Re: [PATCH v4 0/4] Add --no-ahead-behind to status
- Date: Tue, 9 Jan 2018 14:15:47 +0100 (STD)
- From: Johannes Schindelin <Johannes.Schindelin@xxxxxx>
- Subject: Re: [PATCH v4 0/4] Add --no-ahead-behind to status
On Tue, 9 Jan 2018, Jeff King wrote:
> On Mon, Jan 08, 2018 at 03:04:20PM -0500, Jeff Hostetler wrote:
> > > I was thinking about something similar to the logic we use today
> > > about whether to start reporting progress on other long commands.
> > > That would mean you could still get the ahead/behind values if you
> > > aren't that far behind but would only get "different" if that
> > > calculation gets too expensive (which implies the actual value isn't
> > > going to be all that helpful anyway).
> > After a off-line conversation with the others I'm going to look into
> > a version that is limited to n commits rather than be completely on or
> > off. I think if you are for example less than 100 a/b then those numbers
> > have value; if you are past n, then they have much less value.
> > I'd rather do it by a fixed limit than by time to ensure that output
> > is predictable on graph shape and not on system load.
> I like this direction a lot. I had hoped we could say "100+ commits
How about "100+ commits apart" instead?
> but I don't think we can do so accurately without generation numbers.
Even with generation numbers, it is not possible to say whether two given
commits reflect diverging branches or have an ancestor-descendant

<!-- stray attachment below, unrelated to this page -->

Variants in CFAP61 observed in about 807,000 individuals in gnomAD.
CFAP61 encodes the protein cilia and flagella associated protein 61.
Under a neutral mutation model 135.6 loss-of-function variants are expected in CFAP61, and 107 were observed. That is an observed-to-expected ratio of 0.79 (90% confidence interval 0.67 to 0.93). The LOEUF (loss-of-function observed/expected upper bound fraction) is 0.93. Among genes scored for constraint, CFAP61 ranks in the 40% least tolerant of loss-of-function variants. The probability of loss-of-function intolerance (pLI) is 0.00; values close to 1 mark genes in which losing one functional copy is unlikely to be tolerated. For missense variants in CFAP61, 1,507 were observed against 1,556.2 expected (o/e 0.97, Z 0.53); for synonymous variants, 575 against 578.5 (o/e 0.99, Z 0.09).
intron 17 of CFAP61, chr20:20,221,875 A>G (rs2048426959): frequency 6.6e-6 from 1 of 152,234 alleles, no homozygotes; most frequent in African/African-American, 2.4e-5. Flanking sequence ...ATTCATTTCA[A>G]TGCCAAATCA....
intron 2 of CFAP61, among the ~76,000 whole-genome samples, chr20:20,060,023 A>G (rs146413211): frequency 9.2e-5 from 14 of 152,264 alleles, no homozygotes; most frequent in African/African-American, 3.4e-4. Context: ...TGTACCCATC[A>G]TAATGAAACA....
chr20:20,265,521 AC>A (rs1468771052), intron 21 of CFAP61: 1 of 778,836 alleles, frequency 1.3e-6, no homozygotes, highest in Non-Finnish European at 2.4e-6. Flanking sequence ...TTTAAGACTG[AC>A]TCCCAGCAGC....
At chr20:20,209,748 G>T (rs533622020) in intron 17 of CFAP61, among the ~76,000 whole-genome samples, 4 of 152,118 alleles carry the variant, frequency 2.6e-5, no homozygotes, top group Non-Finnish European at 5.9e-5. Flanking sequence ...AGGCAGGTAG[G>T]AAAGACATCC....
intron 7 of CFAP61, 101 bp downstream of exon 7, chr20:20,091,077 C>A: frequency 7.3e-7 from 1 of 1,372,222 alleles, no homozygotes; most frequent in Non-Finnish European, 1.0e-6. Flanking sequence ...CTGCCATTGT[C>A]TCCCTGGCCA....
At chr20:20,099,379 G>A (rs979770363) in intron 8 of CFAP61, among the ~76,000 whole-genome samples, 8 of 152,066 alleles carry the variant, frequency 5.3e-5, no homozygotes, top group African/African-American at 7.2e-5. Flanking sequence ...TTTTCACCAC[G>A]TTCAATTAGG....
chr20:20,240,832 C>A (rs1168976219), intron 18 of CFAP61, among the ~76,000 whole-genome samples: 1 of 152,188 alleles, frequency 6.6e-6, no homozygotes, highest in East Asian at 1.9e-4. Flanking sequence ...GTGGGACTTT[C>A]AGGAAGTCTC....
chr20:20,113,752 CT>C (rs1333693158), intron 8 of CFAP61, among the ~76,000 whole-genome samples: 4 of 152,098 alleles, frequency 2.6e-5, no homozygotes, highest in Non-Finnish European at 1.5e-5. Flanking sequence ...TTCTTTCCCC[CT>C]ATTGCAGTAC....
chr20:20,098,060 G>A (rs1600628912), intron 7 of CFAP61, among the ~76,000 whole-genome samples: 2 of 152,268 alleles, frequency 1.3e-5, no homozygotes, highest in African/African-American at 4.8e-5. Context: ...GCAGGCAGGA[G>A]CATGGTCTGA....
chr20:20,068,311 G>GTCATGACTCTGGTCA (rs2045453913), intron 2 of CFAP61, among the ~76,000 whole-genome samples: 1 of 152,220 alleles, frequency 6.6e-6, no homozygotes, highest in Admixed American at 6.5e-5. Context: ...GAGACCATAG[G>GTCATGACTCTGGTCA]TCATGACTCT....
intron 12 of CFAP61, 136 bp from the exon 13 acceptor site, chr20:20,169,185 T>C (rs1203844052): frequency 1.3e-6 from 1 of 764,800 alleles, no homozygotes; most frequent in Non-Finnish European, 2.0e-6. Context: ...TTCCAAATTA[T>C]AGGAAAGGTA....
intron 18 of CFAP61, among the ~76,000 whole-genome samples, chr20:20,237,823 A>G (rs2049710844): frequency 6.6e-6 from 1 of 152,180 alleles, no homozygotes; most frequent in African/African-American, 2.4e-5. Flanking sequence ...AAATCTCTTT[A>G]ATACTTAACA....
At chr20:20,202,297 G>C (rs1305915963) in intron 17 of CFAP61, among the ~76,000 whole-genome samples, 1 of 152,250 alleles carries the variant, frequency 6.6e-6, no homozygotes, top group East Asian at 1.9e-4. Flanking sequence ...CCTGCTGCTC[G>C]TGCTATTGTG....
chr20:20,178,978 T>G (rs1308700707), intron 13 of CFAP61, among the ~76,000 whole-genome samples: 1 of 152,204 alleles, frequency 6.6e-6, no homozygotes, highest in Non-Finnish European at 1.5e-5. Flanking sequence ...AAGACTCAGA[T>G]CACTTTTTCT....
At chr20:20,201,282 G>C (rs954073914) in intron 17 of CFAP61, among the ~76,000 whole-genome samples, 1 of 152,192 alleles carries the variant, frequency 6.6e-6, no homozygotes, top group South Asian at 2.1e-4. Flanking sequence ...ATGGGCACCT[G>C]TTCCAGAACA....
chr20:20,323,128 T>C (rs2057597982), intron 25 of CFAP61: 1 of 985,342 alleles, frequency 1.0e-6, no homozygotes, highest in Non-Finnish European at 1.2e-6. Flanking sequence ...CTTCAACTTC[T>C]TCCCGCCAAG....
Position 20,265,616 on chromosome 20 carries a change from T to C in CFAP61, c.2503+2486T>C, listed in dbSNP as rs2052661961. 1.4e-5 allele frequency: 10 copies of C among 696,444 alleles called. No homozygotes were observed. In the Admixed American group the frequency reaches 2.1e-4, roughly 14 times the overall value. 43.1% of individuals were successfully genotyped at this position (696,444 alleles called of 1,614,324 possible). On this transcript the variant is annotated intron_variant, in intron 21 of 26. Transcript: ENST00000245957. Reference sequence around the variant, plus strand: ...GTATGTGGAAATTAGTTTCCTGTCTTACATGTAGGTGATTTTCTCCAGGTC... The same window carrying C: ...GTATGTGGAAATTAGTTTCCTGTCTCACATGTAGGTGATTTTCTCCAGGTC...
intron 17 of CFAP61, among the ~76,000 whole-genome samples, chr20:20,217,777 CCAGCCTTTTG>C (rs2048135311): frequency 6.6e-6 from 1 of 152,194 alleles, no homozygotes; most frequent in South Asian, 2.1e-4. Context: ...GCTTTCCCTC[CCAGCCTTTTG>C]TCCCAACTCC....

relationship (or in graph speak: whether they are comparable).
It could potentially make it possible to cut off the commit traversal, but
I do not even see how that would be possible.
The only thing you could say for sure is that two different commits with
the same generation number are for sure "uncomparable", i.e. reflect
> E.g., the case I mentioned at the bottom of this mail:
> I haven't thought too hard on it, but I suspect with generation numbers
> you could bound it and at least say "100+ ahead" or "100+ behind".
If you have walked 100 commits and still have not found a merge base,
there is no telling whether one start point is the ancestor of the other.
All you can say is that there are more than 100 commits in the
You would not even be able to say that the *shortest* path between those
two start points is longer than 100 commits, you can construct
pathological DAGs pretty easily.
Even if you had generation numbers, and one commit's generation number
was, say, 17, and the other one's was 17,171, you could not necessarily
assume that the 17 one is the ancestor of the 17,171 one, all you can say
that it is not possible the other way round.
> But I don't think you can approximate both ahead and behind together
> without finding the actual merge base.
> But even still, finding small answers quickly and accurately and punting
> to "really far, I didn't bother to compute it" on the big ones would be
> an improvement over always punting.
Indeed. The longer I think about it, the more I like the "100+ commits